The House bank scandal claimed its first real victim in Illinois Tuesday. Rep. Charles Hayes lost largely because he was one of the worst abusers of the system, guilty of writing 716 checks for which he had insufficient funds on deposit. Many more victims may yet come to grief.
For a disaffected public, Bankgate is only the latest in a long list of transgressions that have brought Congress into disrepute. As a result, the anti-incumbent movement is in full flood -- a product of S&L scandals, the forced resignation of a speaker of the House, sneaky congressional pay raises, the proliferation of perks and the inability of an arrogant Congress to solve problems. The mood behind the movement has been building for some time. In the 1990 general election, the average vote percentage for incumbents was the lowest since 1974, when 92 incumbents quit or were defeated.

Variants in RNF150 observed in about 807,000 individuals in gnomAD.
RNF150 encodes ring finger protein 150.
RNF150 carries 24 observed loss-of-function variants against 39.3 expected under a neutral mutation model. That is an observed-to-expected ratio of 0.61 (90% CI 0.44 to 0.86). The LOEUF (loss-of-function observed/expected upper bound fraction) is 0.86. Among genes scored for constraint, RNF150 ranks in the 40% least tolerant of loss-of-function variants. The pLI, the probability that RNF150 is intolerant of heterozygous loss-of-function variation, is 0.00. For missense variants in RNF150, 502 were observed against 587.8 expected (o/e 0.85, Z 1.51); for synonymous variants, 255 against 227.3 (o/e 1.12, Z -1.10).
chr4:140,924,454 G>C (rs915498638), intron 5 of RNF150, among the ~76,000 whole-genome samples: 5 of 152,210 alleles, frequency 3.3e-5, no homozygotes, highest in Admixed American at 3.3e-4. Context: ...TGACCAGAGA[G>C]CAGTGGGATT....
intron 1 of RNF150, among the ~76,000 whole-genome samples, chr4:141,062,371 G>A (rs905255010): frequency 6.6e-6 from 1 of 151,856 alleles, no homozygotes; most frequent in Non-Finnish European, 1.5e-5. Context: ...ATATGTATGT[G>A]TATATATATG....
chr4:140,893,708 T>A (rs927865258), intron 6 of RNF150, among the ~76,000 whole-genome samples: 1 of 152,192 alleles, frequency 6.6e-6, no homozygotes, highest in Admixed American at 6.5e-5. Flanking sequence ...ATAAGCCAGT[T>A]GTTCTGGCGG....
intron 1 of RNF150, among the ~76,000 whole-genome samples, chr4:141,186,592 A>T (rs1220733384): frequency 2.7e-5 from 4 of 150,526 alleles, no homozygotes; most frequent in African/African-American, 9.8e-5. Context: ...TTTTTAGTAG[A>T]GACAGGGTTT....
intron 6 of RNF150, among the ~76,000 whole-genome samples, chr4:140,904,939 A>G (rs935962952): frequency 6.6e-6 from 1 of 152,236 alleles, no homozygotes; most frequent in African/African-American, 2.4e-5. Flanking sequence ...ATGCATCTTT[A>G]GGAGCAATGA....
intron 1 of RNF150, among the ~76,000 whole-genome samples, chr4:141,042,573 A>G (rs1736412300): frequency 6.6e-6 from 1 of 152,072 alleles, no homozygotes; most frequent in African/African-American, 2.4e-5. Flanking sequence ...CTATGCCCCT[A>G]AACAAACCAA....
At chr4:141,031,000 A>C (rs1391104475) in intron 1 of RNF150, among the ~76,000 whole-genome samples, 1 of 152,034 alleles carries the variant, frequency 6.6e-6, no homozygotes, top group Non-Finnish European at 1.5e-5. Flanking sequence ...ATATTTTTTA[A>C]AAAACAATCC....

Three ousted incumbents (two others lost to fellow incumbents in merged districts) may not seem like a large number. There have been primaries in 58 congressional districts in Maryland, Mississippi, Texas and Illinois this year. Incumbents won in 55. But that total of three after only four states' primaries has to be seen in historical context. In 1990 and 1988, one representative lost in a primary. In 1986, three; in 1984, two; in 1982, four.